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This publication is available at https://www.gov.uk/government/publications/use-of-free-early-education-entitlements-funding-during-the-coronavirus-outbreak/use-of-free-early-education-entitlements-funding-during-coronavirus-covid-19
The latest updates are as follows:
- updates to set out the government’s plans for funding local authorities in the 2021 spring term and for the financial year 2021 to 2022 - read section 1
- the previously published guidance on early years funding for the 2021 spring term has moved to section 2
- information on funding the 2020 autumn term has been removed since it is no longer required
Section 1: Funding for local authorities – update to the 2021 spring term top-up funding and funding for financial year 2021 to 2022
Update to top-up funding for local authorities in the 2021 spring term
On 17 December 2020, we announced our intention to fund local authorities for the 2021 spring term using the January 2021 census. If attendance rises after the census is taken, we said we’ll top-up local authorities’ figures, up to 85% of their January 2020 census level, where a local authority can provide evidence for increased attendance during the spring term.
To deliver this policy, we’ll use the next attendance count which all local authorities would take after the January census, which will be in the summer term, in order to provide a representation of the final attendance levels for the spring term.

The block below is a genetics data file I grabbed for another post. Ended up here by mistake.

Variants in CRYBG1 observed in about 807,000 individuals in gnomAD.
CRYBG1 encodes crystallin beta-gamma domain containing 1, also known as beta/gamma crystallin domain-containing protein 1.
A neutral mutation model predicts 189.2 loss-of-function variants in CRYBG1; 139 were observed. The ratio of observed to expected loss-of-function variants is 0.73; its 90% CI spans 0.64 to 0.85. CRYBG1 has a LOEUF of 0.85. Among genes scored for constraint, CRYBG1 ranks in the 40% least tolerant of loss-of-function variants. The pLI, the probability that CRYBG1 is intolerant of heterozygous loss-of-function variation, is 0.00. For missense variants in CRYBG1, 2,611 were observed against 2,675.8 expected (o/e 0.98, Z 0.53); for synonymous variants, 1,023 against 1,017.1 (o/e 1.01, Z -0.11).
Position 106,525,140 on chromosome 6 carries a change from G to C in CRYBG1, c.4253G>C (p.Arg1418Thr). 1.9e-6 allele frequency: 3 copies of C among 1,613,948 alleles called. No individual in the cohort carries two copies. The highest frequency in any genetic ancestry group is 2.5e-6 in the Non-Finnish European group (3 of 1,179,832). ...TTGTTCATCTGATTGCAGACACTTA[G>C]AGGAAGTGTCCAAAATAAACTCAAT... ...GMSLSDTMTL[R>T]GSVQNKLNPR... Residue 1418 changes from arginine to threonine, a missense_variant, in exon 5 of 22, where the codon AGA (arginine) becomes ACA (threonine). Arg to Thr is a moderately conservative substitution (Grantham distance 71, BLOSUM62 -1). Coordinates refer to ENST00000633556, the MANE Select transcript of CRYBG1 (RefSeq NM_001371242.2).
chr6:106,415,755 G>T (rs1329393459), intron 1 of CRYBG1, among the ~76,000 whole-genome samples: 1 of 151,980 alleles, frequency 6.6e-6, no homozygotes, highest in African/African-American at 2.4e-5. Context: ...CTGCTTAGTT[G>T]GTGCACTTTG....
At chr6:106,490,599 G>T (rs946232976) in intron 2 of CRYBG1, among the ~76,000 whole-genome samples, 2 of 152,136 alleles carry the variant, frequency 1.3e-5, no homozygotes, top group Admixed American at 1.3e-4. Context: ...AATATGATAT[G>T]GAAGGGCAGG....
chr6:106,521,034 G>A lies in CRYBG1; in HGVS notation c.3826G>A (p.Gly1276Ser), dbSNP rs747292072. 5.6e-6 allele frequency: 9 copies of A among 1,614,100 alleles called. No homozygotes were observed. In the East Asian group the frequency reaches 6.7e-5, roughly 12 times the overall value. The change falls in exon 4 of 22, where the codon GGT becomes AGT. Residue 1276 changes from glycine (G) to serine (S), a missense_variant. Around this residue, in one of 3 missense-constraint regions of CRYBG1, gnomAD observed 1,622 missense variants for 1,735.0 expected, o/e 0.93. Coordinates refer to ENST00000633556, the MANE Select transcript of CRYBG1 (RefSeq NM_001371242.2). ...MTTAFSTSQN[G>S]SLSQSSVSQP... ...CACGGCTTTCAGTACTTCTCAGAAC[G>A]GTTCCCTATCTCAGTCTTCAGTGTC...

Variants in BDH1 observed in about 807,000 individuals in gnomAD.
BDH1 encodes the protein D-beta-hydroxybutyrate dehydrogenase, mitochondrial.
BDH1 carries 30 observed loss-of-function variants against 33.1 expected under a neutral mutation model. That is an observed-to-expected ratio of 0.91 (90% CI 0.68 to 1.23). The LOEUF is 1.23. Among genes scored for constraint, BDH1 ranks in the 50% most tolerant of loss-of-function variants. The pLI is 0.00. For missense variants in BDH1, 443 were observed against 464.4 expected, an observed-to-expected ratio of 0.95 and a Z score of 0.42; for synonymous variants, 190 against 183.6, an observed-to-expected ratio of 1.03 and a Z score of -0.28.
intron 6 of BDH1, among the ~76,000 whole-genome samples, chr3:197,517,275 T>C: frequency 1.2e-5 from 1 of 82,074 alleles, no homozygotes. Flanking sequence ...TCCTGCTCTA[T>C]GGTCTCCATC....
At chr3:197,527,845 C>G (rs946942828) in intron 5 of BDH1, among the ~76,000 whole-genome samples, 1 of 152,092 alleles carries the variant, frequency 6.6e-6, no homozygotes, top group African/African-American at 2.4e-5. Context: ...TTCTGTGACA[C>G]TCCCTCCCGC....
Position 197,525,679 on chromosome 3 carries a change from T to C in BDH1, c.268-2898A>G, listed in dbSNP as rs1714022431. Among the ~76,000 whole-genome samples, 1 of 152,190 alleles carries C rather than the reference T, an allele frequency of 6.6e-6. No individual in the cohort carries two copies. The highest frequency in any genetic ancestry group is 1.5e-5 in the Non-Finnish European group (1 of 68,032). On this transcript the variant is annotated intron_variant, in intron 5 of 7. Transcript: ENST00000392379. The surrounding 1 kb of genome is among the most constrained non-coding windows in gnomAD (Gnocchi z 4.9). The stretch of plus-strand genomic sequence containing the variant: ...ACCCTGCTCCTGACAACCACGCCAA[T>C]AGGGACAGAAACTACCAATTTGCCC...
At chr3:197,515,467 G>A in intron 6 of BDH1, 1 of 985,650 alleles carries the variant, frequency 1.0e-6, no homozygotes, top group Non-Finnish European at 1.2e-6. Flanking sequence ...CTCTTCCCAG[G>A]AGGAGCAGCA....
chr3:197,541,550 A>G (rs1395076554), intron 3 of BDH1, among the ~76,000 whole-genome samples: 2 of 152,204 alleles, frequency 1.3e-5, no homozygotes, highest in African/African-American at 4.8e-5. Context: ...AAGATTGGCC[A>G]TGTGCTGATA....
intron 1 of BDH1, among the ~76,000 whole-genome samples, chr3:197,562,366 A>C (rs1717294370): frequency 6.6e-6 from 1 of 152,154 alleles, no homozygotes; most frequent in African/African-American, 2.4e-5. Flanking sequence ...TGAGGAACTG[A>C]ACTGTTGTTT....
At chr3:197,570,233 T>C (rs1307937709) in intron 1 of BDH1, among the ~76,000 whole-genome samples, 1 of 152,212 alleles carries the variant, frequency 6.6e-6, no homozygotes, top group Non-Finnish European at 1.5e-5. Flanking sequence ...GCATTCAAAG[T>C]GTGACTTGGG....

Since childcare attendance may have gradually increased throughout the spring term, we aim to fund based on a likely mid-point attendance level. Therefore, we will use a combination of the January 2021 census at the start of the spring term and the summer count to represent this midpoint to determine the final spring term top-up. We will scale the summer term attendance data accordingly, to represent spring term attendance for each of the early years entitlements.
We have now published technical guidance for local authorities on the data required to measure the increase in attendance over the spring term, and how the top-up will be calculated.
Funding for local authorities in financial year 2021 to 2022